The group is currently in the studio recording covers of classics like "America The Beautiful" and "Grand Old Flag," and has shot a music video inspired by the September 11, 2001, terrorist attacks. But Popick said the group is focusing most on recording re-interpretations of older patriotic songs set to what he described as a combination of "electronic dance music, hip-hop, and dub-step," an EDM subgenre.
Popick said he first reached out to the Trump campaign, concerned that he could be sued over the song. Instead, they began a dialogue with the campaign that eventually led the USA Freedom Kids to open for Trump at his Wednesday-night rally.
Asked about whether the children's families were concerned about the political nature of the lyrics, Popick said the parents of the other children in the band were "very supportive" of the his decision to dedicate the song to Trump, and were Trump supporters themselves.
"It wasn't a requisite or prerequisite for them, but yeah, we are all on board," Popick said.
Popick said he's hoping that the Trump track isn't a one-hit wonder, but is instead a launching pad for the group's patriotic and political tracks. USA Freedom Girls already released a song called "National Anthem Pt. II," a song about "riding the wave of freedom."
And "there may be one other song that is, if you want to say, political," Popick said.
"For me, it is all about freedom," he said.
"Ocean's 11" stars George Clooney and Julia Roberts are costarring in the coming financial-news thriller "Money Monster," directed by Jodie Foster.
Clooney plays financial-news personality Lee Gates, the so-called Wizard of Wall Street who hosts the stock-picking TV show "Money Monster." Roberts plays Gates' producer, Patty Fenn.
The show seems very similar to Jim Cramer's "Mad Money."
The plot centers on Gates, his crew, and Fenn being held hostage on live television by an enraged investor who lost money on a tech stock that Gates had pitched as a good investment.
The movie debuts in theaters in May.
Watch the trailer below:
Tracy Morgan could return to TV with an FX comedy series.
FX announced the project during the Television Critics Association press tour on Saturday in Los Angeles.
Morgan will star in and develop the project, on which Jordan Peele (Comedy Central's "Key and Peele") will serve as an executive producers.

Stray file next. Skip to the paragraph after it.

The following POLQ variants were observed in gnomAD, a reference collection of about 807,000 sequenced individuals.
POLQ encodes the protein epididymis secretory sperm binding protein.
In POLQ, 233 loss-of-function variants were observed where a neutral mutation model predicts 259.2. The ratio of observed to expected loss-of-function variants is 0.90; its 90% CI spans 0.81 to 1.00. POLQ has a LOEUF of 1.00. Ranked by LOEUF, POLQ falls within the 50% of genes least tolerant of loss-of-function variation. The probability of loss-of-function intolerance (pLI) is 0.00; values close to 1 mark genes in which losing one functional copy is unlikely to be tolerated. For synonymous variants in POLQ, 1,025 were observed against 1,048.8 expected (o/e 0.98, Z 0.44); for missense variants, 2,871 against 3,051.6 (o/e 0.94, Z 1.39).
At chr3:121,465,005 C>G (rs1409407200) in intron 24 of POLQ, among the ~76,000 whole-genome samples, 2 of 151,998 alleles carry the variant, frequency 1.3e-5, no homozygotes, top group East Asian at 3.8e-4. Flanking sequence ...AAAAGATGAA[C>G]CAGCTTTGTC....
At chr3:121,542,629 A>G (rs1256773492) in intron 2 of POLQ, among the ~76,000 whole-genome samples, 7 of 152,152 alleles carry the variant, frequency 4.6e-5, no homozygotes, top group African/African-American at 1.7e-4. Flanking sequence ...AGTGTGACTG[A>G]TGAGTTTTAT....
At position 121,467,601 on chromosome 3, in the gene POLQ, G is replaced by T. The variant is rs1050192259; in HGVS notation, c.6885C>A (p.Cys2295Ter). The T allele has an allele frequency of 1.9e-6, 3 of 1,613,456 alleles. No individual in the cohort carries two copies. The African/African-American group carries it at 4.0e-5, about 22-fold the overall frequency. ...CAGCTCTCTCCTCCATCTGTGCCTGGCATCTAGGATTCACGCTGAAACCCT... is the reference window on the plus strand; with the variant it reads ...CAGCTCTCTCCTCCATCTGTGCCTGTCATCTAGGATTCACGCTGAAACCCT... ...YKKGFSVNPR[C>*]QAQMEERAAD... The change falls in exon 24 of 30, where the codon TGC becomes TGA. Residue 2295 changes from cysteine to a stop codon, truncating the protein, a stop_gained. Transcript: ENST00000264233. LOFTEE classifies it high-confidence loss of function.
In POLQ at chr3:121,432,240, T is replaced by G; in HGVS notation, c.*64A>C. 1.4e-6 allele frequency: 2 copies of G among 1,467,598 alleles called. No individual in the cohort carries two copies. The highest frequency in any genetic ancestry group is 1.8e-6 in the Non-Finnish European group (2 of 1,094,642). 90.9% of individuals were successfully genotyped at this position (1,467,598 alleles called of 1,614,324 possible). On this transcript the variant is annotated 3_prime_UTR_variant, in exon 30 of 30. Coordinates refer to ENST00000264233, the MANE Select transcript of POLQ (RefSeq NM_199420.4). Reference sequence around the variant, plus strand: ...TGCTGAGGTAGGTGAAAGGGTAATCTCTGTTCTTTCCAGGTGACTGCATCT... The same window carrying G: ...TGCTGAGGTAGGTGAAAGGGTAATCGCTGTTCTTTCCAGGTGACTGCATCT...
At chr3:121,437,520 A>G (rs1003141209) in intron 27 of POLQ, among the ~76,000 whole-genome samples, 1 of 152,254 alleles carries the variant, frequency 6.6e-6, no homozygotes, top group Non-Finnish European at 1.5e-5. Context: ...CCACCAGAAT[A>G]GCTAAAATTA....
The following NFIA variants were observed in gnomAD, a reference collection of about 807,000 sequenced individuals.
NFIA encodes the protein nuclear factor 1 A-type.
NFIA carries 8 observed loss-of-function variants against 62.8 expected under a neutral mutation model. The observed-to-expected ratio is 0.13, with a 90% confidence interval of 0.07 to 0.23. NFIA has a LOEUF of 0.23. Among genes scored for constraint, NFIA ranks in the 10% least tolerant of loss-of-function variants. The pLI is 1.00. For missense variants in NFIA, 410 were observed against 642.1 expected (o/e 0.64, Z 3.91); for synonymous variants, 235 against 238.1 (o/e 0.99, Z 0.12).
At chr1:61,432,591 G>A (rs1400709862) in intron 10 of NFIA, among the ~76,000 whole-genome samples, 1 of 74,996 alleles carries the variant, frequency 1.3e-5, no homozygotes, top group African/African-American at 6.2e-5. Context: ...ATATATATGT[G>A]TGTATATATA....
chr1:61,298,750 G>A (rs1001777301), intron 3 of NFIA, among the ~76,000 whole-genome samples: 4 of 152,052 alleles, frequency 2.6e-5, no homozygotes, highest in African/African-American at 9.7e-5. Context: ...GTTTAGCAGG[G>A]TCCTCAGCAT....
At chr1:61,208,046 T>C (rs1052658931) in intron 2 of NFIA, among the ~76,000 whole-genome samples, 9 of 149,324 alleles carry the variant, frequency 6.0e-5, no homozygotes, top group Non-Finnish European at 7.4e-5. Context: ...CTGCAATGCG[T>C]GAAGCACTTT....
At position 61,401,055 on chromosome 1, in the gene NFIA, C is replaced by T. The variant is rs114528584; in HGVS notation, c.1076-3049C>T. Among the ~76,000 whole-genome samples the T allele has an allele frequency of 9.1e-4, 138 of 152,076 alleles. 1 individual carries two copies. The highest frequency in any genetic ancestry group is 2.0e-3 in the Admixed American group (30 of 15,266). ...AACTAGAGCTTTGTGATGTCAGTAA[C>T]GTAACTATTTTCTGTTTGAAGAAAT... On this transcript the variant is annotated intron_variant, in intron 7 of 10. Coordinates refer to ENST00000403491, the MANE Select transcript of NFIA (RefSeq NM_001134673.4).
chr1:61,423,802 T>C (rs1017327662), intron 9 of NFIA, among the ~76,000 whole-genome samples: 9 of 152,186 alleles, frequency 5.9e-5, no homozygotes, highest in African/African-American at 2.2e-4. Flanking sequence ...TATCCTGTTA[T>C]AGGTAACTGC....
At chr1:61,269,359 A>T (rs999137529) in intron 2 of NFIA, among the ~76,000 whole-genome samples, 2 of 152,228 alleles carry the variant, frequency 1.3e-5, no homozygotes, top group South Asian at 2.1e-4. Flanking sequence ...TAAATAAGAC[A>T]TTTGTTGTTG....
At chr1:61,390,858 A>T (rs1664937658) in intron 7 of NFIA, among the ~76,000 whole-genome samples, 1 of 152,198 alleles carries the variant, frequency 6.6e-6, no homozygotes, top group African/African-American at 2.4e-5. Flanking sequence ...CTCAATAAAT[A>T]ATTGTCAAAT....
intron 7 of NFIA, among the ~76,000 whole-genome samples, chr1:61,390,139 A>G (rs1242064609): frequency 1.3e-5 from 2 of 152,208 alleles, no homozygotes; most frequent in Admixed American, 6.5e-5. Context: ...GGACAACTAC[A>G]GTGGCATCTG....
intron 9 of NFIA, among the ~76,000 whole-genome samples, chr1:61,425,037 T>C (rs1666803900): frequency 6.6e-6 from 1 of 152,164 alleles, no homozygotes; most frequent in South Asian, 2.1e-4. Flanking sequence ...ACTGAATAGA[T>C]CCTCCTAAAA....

This project follows after a previous TV deal with FX was derailed by Morgan's injuries and recuperation from a car crash. FX Networks CEO, John Landgraf, said FX has always planned on upholding its commitment to Morgan.
The new comedy project follows Morgan's character, a career criminal, who's released from prison after 15 long years, hoping to reintegrate into a society that long ago left him behind. Fresh out of prison, his only expertise is making grilled cheese with an iron. Now, he must navigate a modern world of political correctness, internet, and self-driving cars.
This would be Morgan's first TV series since starring for seven seasons on NBC's "30 Rock." Production on the project will begin this summer, but it's important to remember that many pilots never make it to TV.
John Carcieri ("Eastbound & Down"), Eric Tannenbaum ("Two and a Half Men"), and Joel Zadak ("Key and Peele") will serve as executive producers alongside Morgan and Peele on the half-hour comedy pilot.
Netflix's lack of transparency when it comes to its show viewership has certainly been under the microscope during the current Television Critics Association press tour.
Earlier this week, NBC reported to journalists that it had potentially engineered a way to closely estimate the amount of viewers for Netflix's original series.
On Saturday at TCA, FX Networks CEO John Landgraf, who has been pushing for Netflix viewing numbers for years, told journalists that Netflix's level of secrecy doesn't make sense to him.